Samuel Doe’s Dream Lingers On; As Sen. Zoe Pennue Resurrects Green Revolution


Liberia’s 20th President, Samuel Kayon Doe, had a dream to transform his county into a breadbasket in the sub-region through agriculture. Under a scheme, code named “Green Revolution”, Samuel Doe established large farms in Grand Gedeh to grow rice, cassava, potato, vegetables and cash crops.

   Thirty-three (33) years after his death, the Green Revolution concept is still lingering in the minds of some conscious Liberians, among them President Doe’s Nephew, Zoe Emmanuel Pennue, who later became Senator of Grand Gedeh County.

   Senator Zoe Emmanuel Pennue, alias ZP, was first elected to represent Grand Gedeh in the lower House of the National Legislature in 2005, but his love for agriculture, using local tools, soon made him a friend of the local farming community in the county, most of whom voted for him in the 2021 senatorial by-election that brought him to the Liberian Senate.

   With himself taking part in most of the farming operation, several acres of land has been cultivated by Senator Pennue to grow rice, cassava, yam, vegetables and cash crops. Like uncle, like nephew, Zoe Pennue said his aim is to transform his county into a breadbasket for the nation, and to encourage his constituents to get involved with agriculture.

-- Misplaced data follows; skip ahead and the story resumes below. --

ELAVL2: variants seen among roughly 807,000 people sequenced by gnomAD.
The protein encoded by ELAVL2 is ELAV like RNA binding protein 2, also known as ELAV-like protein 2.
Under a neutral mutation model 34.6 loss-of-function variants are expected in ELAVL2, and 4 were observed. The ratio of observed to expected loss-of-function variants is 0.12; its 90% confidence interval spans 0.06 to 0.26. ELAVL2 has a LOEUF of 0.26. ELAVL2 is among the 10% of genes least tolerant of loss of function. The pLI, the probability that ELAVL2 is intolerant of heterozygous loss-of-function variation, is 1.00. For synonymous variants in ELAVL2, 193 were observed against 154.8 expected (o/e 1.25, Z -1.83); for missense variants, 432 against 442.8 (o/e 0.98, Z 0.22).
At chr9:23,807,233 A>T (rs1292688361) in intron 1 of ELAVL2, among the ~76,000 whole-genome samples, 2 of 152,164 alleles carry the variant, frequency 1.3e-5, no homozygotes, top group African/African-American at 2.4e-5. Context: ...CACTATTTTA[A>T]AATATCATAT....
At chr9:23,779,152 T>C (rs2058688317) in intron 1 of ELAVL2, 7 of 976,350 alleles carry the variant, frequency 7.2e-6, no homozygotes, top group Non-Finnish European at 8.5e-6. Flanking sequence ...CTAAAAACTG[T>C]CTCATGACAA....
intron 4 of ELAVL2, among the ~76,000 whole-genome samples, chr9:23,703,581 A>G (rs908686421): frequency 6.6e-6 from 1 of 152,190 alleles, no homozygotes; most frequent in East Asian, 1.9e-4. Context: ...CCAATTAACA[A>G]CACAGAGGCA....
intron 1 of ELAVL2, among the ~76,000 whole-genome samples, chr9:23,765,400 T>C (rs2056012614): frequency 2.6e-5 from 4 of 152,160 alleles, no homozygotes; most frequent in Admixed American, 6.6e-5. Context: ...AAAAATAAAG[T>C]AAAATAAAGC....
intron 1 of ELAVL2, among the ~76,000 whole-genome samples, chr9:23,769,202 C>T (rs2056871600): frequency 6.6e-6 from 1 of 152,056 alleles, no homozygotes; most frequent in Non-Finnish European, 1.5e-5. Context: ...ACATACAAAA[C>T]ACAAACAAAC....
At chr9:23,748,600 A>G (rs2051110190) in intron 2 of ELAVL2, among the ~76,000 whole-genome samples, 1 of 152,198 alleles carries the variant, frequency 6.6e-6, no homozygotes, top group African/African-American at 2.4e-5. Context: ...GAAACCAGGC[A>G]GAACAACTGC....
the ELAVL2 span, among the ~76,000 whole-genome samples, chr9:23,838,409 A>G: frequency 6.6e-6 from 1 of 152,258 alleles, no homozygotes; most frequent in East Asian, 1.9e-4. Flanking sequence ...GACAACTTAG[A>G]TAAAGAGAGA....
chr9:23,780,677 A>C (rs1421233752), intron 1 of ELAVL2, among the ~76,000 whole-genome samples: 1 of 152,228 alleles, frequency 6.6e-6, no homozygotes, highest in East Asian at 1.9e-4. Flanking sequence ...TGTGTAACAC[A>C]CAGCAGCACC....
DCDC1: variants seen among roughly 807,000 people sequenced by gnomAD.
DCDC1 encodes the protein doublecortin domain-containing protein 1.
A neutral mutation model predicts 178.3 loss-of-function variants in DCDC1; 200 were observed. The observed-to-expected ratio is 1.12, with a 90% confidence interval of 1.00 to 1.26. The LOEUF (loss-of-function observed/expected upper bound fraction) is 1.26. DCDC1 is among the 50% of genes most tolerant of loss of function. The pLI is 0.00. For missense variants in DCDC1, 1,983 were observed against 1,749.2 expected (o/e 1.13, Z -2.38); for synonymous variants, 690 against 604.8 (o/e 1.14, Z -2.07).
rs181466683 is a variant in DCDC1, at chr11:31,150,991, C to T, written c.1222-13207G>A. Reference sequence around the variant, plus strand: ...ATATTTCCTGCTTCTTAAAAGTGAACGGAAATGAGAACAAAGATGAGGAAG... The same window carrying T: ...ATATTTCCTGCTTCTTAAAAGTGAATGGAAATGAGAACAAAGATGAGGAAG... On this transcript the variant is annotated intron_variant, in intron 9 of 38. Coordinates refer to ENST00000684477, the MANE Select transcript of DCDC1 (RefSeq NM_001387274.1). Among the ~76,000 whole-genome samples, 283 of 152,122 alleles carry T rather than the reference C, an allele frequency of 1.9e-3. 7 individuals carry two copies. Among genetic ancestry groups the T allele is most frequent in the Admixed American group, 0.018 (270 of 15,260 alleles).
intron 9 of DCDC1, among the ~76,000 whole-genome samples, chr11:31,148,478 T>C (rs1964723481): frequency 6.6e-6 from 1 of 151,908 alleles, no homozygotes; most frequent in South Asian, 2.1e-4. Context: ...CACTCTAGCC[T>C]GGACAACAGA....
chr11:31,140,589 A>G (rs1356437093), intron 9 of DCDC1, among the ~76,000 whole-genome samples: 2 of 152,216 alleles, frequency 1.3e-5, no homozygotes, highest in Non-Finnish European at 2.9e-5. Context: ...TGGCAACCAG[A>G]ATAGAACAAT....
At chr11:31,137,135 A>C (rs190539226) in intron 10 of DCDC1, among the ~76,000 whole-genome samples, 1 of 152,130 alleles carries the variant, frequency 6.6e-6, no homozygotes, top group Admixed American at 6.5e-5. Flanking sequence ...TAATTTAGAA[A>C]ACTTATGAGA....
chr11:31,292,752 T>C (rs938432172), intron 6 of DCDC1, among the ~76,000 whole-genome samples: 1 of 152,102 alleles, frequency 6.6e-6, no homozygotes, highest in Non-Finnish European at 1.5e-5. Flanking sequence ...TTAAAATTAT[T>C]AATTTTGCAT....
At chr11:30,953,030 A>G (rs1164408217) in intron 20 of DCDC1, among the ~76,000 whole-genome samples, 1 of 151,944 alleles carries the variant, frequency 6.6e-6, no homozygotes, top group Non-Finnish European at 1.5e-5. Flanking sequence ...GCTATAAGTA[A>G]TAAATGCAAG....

Speaking to the Hot Pepper ahead of next year’s farming season in Grand Gedeh County, Senator Pennue called on Grand Gedeans to use traditional farming methods to grow food, as the county is not equipped enough to engage into mechanized farming.

   The Senator emphasized that the use of hoes, cutlasses and axes to till the land has been around for centuries, and should not be neglected by local farmers as they are low income earners.

   He noted that the traditional farming method using locally made implement is the only reliable way to increase food production in the country for now. Senator Pennue however encouraged high income earners hailing from Grand Gedeh to return home and expand on the effort of local farmers by introducing mechanized farming.

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